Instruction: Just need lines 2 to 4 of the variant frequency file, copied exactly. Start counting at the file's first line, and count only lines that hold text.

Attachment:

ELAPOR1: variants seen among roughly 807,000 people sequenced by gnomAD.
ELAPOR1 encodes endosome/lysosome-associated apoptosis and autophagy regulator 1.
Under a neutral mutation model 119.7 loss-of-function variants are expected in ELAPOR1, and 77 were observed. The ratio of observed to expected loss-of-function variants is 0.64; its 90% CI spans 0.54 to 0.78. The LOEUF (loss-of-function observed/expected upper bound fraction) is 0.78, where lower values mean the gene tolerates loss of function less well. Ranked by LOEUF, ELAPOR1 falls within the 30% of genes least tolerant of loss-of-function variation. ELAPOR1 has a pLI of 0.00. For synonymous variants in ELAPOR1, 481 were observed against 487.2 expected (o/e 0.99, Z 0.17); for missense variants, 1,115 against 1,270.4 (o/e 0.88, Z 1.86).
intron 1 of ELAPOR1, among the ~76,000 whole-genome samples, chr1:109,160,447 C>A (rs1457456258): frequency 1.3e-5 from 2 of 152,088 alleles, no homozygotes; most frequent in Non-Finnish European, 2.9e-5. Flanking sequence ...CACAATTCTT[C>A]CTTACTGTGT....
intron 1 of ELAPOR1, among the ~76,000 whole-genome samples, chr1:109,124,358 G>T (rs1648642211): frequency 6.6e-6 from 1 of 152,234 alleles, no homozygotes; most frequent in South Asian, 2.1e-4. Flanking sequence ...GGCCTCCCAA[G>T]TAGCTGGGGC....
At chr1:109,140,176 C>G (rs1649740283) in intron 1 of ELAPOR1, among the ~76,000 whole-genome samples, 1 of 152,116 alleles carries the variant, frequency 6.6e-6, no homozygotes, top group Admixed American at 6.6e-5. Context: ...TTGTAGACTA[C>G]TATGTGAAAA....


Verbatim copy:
ELAPOR1 encodes endosome/lysosome-associated apoptosis and autophagy regulator 1.
Under a neutral mutation model 119.7 loss-of-function variants are expected in ELAPOR1, and 77 were observed. The ratio of observed to expected loss-of-function variants is 0.64; its 90% CI spans 0.54 to 0.78. The LOEUF (loss-of-function observed/expected upper bound fraction) is 0.78, where lower values mean the gene tolerates loss of function less well. Ranked by LOEUF, ELAPOR1 falls within the 30% of genes least tolerant of loss-of-function variation. ELAPOR1 has a pLI of 0.00. For synonymous variants in ELAPOR1, 481 were observed against 487.2 expected (o/e 0.99, Z 0.17); for missense variants, 1,115 against 1,270.4 (o/e 0.88, Z 1.86).
intron 1 of ELAPOR1, among the ~76,000 whole-genome samples, chr1:109,160,447 C>A (rs1457456258): frequency 1.3e-5 from 2 of 152,088 alleles, no homozygotes; most frequent in Non-Finnish European, 2.9e-5. Flanking sequence ...CACAATTCTT[C>A]CTTACTGTGT....